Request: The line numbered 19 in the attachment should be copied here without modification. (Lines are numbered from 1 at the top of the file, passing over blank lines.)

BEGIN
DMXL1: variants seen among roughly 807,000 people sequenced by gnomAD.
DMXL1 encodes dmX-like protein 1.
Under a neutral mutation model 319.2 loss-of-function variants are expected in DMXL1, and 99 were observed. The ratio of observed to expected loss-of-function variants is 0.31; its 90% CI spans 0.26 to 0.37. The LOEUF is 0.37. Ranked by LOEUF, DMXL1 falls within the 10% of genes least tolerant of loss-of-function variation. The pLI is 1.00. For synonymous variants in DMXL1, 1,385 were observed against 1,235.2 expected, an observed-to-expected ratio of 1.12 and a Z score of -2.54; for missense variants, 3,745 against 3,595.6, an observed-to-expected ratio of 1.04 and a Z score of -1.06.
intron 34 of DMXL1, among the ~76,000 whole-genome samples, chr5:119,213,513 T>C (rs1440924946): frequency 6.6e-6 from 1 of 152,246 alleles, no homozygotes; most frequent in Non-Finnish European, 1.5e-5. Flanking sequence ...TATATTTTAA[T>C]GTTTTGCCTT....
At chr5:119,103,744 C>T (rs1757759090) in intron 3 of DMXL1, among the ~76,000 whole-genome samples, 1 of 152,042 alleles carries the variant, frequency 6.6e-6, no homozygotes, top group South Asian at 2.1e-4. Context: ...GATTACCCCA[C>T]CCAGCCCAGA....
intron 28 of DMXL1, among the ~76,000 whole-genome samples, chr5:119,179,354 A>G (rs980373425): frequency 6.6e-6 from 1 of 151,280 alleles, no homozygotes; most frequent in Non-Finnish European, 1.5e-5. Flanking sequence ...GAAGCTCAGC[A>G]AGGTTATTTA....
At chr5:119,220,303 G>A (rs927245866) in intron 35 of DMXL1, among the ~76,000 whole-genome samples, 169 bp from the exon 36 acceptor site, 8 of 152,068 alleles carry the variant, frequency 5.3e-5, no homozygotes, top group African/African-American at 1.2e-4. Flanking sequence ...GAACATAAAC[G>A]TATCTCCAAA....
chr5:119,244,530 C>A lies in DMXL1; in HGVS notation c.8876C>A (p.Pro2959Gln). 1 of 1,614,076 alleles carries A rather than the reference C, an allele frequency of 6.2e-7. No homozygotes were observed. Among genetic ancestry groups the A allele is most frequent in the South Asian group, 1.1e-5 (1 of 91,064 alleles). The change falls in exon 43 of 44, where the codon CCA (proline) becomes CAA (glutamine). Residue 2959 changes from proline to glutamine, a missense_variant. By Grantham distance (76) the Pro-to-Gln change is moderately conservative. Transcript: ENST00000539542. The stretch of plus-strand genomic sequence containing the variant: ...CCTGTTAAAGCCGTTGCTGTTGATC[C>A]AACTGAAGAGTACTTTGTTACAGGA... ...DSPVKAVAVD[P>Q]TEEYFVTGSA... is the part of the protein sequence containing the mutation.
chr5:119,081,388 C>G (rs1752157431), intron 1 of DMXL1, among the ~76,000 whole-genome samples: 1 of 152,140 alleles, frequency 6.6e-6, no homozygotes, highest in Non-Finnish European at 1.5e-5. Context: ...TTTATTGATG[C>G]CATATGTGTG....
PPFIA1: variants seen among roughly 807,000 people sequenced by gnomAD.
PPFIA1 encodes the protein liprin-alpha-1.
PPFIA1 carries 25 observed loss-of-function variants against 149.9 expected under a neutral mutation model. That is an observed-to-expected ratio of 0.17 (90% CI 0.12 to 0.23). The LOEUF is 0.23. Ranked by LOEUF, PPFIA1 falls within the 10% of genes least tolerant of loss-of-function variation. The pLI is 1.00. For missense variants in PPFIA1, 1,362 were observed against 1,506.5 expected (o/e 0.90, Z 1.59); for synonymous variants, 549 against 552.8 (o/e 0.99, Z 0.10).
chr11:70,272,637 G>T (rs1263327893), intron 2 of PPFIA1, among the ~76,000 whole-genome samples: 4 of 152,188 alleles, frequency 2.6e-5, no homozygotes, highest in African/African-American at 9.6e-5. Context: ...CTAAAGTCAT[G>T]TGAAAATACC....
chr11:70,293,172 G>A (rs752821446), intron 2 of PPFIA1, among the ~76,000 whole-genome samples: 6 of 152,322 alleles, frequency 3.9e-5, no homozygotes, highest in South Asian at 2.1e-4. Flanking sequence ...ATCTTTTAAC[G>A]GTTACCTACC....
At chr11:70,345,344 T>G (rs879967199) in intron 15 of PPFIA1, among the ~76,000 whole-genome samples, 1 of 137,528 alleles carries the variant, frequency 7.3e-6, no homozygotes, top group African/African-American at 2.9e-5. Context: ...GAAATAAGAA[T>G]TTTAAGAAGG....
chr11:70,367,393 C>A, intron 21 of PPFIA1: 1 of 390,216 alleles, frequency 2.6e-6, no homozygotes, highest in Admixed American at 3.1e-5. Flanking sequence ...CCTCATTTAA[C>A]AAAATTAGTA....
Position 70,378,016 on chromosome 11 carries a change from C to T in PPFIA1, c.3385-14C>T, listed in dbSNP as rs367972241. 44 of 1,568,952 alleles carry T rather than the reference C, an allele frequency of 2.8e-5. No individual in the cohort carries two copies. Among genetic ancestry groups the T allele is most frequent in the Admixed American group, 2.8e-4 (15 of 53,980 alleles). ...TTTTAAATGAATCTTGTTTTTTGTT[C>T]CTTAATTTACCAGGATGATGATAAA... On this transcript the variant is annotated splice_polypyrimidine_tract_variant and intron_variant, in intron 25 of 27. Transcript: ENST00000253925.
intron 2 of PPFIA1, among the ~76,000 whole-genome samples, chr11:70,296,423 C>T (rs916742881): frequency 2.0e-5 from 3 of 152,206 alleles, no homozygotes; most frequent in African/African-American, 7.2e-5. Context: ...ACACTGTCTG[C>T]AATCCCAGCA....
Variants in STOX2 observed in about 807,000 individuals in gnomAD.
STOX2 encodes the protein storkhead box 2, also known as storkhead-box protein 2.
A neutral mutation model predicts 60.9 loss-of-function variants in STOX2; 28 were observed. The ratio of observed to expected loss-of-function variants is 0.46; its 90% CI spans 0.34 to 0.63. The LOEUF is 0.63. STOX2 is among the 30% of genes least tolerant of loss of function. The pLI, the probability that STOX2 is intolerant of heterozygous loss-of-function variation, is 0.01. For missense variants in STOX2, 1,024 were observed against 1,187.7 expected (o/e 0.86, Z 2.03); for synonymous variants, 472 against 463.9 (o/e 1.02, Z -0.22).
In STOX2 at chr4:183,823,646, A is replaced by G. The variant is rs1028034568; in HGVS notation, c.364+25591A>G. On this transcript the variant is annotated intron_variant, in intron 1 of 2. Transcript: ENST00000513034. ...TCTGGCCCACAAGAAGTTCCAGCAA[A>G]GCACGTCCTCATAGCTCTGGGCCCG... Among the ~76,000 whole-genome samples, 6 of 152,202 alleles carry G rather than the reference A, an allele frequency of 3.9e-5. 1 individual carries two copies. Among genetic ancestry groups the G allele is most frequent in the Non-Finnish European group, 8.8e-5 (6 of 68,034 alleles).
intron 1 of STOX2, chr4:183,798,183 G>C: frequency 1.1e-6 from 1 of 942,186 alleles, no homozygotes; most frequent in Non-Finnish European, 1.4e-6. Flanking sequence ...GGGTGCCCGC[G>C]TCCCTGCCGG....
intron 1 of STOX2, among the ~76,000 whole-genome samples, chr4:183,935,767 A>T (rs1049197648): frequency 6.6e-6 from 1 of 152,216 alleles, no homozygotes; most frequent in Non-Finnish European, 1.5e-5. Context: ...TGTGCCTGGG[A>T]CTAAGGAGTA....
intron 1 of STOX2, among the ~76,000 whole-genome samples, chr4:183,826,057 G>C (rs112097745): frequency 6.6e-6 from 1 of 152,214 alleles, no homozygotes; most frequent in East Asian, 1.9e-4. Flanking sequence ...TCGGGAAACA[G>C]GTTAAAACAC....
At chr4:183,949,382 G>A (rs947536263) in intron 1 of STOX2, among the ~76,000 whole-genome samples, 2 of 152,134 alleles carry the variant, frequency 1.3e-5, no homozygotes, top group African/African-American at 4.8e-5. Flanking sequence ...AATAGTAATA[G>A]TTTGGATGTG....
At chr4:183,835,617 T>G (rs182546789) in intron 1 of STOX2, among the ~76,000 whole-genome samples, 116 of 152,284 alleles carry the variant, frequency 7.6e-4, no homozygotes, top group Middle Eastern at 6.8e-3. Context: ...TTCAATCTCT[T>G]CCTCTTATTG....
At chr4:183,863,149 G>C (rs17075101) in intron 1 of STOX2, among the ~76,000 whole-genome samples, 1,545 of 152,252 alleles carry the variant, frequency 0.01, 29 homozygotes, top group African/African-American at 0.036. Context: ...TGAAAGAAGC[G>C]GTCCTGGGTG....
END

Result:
Variants in STOX2 observed in about 807,000 individuals in gnomAD.